With Democrats and Republicans unlikely to agree on many legislative proposals this year, both sides will regard any PDUFA bill as a ready vehicle for enacting a broad range of healthcare issues. Measures to enhance drug safety, to speed biogeneric products to market, and to expand drug importing are all likely to be hung on the PDUFA Christmas tree.
"All these issues will be in play," acknowledges Jim Greenwood, president of the Biotechnology Industry Organization (BIO) and formerly a leading Republican on the House Energy & Commerce Committee. Industry's task is to identify a working majority in the House and Senate that can "deal with these issues responsibly," he says; with PDUFA, "we can't play veto games."
A top priority for Congressional leaders is to enact drug safety legislation. The Kennedy-Enzi bill calls for stronger controls on the use of high-risk therapies, a more powerful drug safety oversight board to resolve disputes, curbs on new drug advertising, disclosure of clinical trial results, and penalties for failure to complete postapproval studies—but not an independent drug safety office, as others advocate. Enzi and Kennedy held a hearing on the proposal in November 2006 to jump-start deliberations on this issue.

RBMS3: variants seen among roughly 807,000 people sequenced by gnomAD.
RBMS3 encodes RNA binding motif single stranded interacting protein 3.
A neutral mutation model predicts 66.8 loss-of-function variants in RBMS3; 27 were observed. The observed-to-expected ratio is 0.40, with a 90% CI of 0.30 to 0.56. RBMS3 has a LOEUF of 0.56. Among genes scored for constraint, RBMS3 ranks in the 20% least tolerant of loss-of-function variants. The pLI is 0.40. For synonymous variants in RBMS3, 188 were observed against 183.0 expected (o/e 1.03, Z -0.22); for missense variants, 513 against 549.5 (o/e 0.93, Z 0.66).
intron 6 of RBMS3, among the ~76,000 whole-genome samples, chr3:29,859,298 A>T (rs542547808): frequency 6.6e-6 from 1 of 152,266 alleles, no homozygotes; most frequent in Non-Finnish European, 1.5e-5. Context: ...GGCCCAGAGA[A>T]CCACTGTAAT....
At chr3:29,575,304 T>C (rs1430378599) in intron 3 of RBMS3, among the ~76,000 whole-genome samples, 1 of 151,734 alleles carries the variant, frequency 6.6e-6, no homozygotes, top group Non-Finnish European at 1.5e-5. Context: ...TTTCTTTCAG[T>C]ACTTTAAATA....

Drug safety problems often involve inadequate product quality control, a topic that FDA continues to address through its "Pharmaceutical cGMPs for the 21st Century" initiative. Since its final report on this program in September 2004, FDA's Council on Pharmaceutical Quality has headed up agency efforts to adopt a more risk-based approach to GMP inspections, manufacturing supplements, data submissions, and system documentation. FDA is holding a workshop in late February 2007 to review progress and to update industry on the quality initiatives being implemented. Congressional panels and the HHS Inspector General are interested in knowing how well manufacturers comply with GMPs.